The Secretary of the Treasury, to whom application was made for the payment of interest, not having been advised as to his duty in the matter, submitted the question to the Attorney-General, and upon that subject the Attorney-General, by his letter, contained in Executive Document No. 76, above referred to, expresses the opinion that under the act of June 19, 1878, above quoted, the Secretary is not authorized to pay such interest, and that it is a question of international justice and propriety, which must be passed upon by Congress. At the time these ship companies demanded the return of the principal, they also demanded the payment of interest thereon, and entered their protest in the Treasury Department against the non-payment of interest, so that the payment thus made has not been accepted by them as a full discharge of the obligations resting on the United States.
As far as your committee are informed, this is the first instance in which the question has been submitted to Congress of the liability of this government to pay interest upon its indebtedness to foreign claimants.
In dealing with its own citizens, the custom of this government has been not to pay interest on unliquidated claims. This practice grows out of the presumption that the government is at all times able, ready,
and willing to discharge its obligations. But a different rule seems to have obtained in enforcing the demands of its citizens against foreign governments. It has been the rule, and perhaps without exception, that the United States have demanded and received interest from all foreign governments upon debts to itself and damages of its citizens.
A recent and most prominent illustration of this fact is furnished by the international tribunal at Geneva. The distinguished counsel representing in that tribunal the United States, Mr. Evarts, Mr. Cushing, and Mr. Waite, contended as follows: "That interest will be awarded by the tribunal as an element of the damage. We conceive this to be con. formable to the public law and to be required by paramount considerations of equity and justice"; and interest was accordingly paid.*
The most important and leading cases which have occurred are those which arose between this country and Great Britain, the first under the treaty of 1794, and the other under the first article of the treaty of Ghent. In the latter case the United States claimed compensation for slaves and other property taken away from the country by the British forces at the close of the war in 1815. A difference arose between the two governments, which was submitted to the arbitrament of the Emperor of Russia, who decided that “ the United States of America are entitled to a just indemnification from Great Britain for all private property carried away by the British forces." A joint commission was appointed for the purpose of hearing the claims of individuals under this decision. At an early stage of the proceedings the question arose as to whether interest was a part of that "just indemnification” which the decision of the Emperor of Russia contemplated. The British commissioner denied the obligation to pay interest. The American commissioner, Langdon Cheves, insisted upon its allowance, and, in the course of his argument upon this question, said:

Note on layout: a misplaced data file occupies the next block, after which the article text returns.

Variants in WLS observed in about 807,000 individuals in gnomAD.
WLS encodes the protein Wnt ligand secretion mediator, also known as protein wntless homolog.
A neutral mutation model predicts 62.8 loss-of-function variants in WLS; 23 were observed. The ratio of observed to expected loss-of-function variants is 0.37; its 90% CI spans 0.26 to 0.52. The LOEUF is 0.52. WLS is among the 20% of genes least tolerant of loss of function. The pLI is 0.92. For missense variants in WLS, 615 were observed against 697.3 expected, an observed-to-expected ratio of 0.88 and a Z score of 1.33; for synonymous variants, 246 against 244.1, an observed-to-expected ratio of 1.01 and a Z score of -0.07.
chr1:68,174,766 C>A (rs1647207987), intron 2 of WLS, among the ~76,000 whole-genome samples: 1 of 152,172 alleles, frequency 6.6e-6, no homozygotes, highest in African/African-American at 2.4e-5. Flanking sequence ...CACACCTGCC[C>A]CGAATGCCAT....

Indemnification means a reimbursement of a loss snstained. If the property taken away on the 17th of February, 1815, were returned now uninjured, it would not reimburse the loss sustained by the taking away and consequent detention; it would not be an indemnification. The claimant would still be unindemnified for the loss of the use of his property for ten years, which, considered as money, is nearly equivalent to the original value of the principal thing.
Again he says:
If interest be an incident usually attendant on the delay of payment of debts, damages are equally an incident attendant on the withholding an article of property.
In consequence of this disagreement, the commission was broken up; but the claims were subsequently compromised by the payment of $1,204,960 instead of $1,250,000, as claimed by Mr. Cheves; and of the sum paid by Great Britain, $418,000 was expressly for interest.
The propriety of this claim for interest was subsequently submitted to William Wirt, then Attorney-General, for his opinion. Mr. Wirt said:
I am of the opinion that the just indemnification awarded by the Emperor involves not merely the return of the value of the specific property, but a conipensation also for the subsequent use and wrongful detention of it in the nature of damages. I am of opinion that the interest, according to the usage of nations, is a necessary part of the just indemnification awarded by Emperor of Russia. (Opinions Attorneys-General, vol. 2, p. 33.)
In the case of the Betsey, which arose under the treaty of 1794, be
* In this instance a demand was made by the United States upon the government of Great Britain. That was a matter of unliquidated and consequential damages, in which a demand was necessary. In this instance the money exacted and collected is a specific amount. The principal of the common law in giving relief is that there shall be “a compensation which shall put the injured party in the same position in which he would have stood had he not been injured.” (Co. Litt., 257, a. Parson's Con., 155.)